Do You Owe Back Taxes? Here’s How the CRA’s Payment Plan Can Help

Do You Owe Back Taxes? Here’s How the CRA’s Payment Plan Can Help

Navigating Your Way Out of Back Taxes: Understanding the CRA’s Payment Plan

If you find yourself in a situation where you owe back taxes to the Canada Revenue Agency (CRA), it’s natural to feel overwhelmed. However, you’re not alone, and the good news is that the CRA offers a way out—a payment plan to help you settle your debt.

The Reality of Owing Back Taxes

Owing back taxes to the CRA can seem daunting. However, it’s important to understand that the CRA doesn’t negotiate reductions in your debt. They only provide certain allowances if you file for Bankruptcy or a Consumer Proposal. Failure to pay your debt can lead to serious legal or financial consequences.

The CRA has the authority to garnish your wages and redirect any federal benefits you receive, including Employment Insurance (EI), Canadian Pension Plan (CPP), and Old Age Security (OAS). But before it gets to that point, the CRA offers an alternative—the CRA payment plan.

Unraveling the CRA Payment Plan

The CRA payment plan is essentially a contract between you and the CRA. It outlines that you will repay your balance in regular installments over a specified duration.

Steps to Set Up a CRA Payment Plan

Establishing a payment plan with the CRA involves several steps:

1. Assess Your Monthly Income and Expenses

The CRA offers a personal income and expense worksheet to help you calculate your regular payments. You will be asked to provide all sources of monthly income and your household expenses. The worksheet then calculates your income, expenses, and if any income remains. This result helps you determine if you can afford the proposed payments to the CRA.

2. Evaluate Your Payment Capacity

The CRA also provides a payment arrangement calculator to estimate when you can finish paying your CRA debt and how much interest you’ll accrue. You’ll need to enter:


  • Tax debt amount;
  • First payment date;
  • Payment frequency;
  • Interest rate (5% is recommended as the default);
  • Amount per payment or number of payments.


3. Contact the CRA to Establish Your Payment Plan

Reach out to the CRA to set up your payment plan. Further instructions can be found on the CRA’s website.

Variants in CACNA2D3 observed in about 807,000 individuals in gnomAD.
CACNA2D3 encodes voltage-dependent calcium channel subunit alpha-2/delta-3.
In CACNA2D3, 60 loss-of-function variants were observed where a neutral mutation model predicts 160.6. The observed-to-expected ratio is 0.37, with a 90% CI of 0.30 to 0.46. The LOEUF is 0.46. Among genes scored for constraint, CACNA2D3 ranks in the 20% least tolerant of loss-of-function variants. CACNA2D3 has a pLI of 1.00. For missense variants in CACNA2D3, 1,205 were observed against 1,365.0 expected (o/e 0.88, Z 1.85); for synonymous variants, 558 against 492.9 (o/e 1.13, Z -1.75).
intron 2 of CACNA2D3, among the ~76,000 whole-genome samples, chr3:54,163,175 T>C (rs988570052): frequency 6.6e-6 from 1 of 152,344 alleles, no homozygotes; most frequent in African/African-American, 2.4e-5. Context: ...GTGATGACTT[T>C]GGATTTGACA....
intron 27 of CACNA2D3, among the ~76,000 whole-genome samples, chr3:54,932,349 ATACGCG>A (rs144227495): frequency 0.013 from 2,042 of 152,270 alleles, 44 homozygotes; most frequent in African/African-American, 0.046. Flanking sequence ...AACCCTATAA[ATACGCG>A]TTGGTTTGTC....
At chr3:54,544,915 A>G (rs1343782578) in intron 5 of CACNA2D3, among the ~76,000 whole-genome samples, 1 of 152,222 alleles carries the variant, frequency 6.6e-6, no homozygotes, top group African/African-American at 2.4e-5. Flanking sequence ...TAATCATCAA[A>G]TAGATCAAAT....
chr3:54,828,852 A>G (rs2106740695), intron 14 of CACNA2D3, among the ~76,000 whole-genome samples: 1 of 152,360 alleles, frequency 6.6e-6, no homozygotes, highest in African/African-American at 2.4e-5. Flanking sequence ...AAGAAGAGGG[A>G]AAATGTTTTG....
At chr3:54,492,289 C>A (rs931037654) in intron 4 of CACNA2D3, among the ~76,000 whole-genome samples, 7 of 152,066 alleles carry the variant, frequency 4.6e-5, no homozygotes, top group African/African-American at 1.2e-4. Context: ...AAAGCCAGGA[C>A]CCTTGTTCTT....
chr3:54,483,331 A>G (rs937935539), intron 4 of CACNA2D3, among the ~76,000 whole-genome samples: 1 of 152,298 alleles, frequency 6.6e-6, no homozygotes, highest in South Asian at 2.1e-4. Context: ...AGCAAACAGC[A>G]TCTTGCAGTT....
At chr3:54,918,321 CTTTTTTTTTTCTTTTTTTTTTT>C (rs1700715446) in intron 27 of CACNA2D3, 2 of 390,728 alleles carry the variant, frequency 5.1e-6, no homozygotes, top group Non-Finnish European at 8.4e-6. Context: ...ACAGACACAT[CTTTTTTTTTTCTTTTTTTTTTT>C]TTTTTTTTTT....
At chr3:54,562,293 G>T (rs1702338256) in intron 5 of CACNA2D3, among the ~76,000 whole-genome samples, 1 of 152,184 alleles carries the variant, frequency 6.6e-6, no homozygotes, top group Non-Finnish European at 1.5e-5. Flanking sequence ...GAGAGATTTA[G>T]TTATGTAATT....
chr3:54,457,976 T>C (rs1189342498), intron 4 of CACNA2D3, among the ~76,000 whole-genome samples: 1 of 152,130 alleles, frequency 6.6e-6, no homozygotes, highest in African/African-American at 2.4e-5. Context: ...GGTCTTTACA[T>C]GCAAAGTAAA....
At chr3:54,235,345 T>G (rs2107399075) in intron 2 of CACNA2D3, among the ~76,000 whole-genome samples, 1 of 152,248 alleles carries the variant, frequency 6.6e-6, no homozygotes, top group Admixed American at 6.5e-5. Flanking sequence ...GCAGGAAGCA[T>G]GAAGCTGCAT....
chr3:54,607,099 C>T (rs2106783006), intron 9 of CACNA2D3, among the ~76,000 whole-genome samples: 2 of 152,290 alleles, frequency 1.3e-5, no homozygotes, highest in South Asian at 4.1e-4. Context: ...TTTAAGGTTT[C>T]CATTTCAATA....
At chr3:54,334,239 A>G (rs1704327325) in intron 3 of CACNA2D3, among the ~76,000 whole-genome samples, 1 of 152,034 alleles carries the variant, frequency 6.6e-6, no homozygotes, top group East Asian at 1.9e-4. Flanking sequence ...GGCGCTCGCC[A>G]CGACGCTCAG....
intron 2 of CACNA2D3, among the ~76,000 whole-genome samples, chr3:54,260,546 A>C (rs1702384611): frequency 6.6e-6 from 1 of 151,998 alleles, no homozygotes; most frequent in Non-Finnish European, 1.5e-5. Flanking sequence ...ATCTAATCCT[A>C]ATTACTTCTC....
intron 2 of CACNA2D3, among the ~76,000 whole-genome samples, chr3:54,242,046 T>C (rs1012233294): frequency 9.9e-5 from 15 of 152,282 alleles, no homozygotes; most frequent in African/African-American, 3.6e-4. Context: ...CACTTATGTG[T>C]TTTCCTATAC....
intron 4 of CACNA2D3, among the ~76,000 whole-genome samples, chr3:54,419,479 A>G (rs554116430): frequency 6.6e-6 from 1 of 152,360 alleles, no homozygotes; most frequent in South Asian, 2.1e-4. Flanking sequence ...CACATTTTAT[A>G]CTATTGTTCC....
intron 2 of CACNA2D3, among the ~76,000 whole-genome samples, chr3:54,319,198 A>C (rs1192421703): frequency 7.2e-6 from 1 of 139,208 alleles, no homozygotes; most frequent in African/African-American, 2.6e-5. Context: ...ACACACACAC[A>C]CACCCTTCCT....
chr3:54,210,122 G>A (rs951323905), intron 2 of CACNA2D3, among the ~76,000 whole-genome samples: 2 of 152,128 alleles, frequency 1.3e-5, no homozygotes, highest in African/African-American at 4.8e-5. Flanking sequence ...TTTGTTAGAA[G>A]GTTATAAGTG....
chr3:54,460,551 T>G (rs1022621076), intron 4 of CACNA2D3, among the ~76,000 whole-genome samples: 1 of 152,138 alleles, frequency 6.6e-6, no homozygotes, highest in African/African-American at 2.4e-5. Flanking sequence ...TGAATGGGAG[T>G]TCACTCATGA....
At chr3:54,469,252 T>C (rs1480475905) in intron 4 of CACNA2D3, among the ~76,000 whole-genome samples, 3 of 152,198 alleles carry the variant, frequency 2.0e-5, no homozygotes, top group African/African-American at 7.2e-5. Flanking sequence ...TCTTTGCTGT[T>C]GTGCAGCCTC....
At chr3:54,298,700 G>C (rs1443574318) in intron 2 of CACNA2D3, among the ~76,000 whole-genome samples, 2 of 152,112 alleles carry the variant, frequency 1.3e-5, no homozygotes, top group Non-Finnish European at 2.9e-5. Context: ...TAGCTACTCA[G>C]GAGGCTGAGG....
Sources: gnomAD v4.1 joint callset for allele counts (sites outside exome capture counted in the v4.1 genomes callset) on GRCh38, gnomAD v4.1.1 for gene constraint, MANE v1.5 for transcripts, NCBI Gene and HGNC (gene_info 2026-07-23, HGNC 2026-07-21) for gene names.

4. Initiate Your CRA Payment Arrangement

Simply start your payment arrangement by making your first repayment. Remember to make your payments on time. In case you’re unable to make a payment, promptly inform the CRA to avoid legal action.

Making a Partial Payment

If you can afford it, consider making a partial payment to reduce the interest on the unpaid balance.

Taxpayer Relief Provisions

Under certain circumstances, the government may provide relief from interest or penalty if you’re unable to meet your tax payments. These circumstances include:


  • Extraordinary events;
  • Actions of the CRA;
  • Financial hardship;
  • Other situations.


For example, the government granted targeted interest relief provisions to Canadians affected by the COVID-19 pandemic in February 2021.

How a Licensed Insolvency Trustee Can Assist

If you’re still struggling to make payments despite setting up a CRA payment plan, consider reaching out to a Licensed Insolvency Trustee (LIT). A LIT can assess your financial situation and suggest a suitable debt relief option. They can also assist with a Consumer Proposal or Bankruptcy.

In a Consumer Proposal, you and your LIT jointly prepare a proposal to repay your creditors. You offer to pay a specific percentage of your total debt over a set period. If your creditors agree, you can eliminate a portion of your debt, including federal income tax debt owed to the CRA.

If a Consumer Proposal isn’t successful, you can consider Bankruptcy, where you surrender your assets in exchange for debt elimination, including tax debt.

If you’re feeling overwhelmed by your debt, consider reaching out to a trusted Licensed Insolvency Trustee. You don’t have to go through this alone.

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